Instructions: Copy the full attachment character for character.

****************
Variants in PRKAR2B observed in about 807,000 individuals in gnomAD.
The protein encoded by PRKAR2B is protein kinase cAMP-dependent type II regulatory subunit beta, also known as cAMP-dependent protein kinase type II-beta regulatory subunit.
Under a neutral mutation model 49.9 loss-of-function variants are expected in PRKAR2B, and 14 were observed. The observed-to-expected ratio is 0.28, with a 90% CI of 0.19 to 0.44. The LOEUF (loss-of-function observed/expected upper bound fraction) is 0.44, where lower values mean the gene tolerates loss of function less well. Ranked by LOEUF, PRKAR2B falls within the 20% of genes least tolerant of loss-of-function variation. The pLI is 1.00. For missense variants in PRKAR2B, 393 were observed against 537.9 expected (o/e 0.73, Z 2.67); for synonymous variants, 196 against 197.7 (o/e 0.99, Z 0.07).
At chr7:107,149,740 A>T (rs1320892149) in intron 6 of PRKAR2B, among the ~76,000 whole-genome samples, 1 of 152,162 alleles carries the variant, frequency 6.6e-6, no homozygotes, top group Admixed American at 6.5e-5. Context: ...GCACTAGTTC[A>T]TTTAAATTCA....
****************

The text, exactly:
Variants in PRKAR2B observed in about 807,000 individuals in gnomAD.
The protein encoded by PRKAR2B is protein kinase cAMP-dependent type II regulatory subunit beta, also known as cAMP-dependent protein kinase type II-beta regulatory subunit.
Under a neutral mutation model 49.9 loss-of-function variants are expected in PRKAR2B, and 14 were observed. The observed-to-expected ratio is 0.28, with a 90% CI of 0.19 to 0.44. The LOEUF (loss-of-function observed/expected upper bound fraction) is 0.44, where lower values mean the gene tolerates loss of function less well. Ranked by LOEUF, PRKAR2B falls within the 20% of genes least tolerant of loss-of-function variation. The pLI is 1.00. For missense variants in PRKAR2B, 393 were observed against 537.9 expected (o/e 0.73, Z 2.67); for synonymous variants, 196 against 197.7 (o/e 0.99, Z 0.07).
At chr7:107,149,740 A>T (rs1320892149) in intron 6 of PRKAR2B, among the ~76,000 whole-genome samples, 1 of 152,162 alleles carries the variant, frequency 6.6e-6, no homozygotes, top group Admixed American at 6.5e-5. Context: ...GCACTAGTTC[A>T]TTTAAATTCA....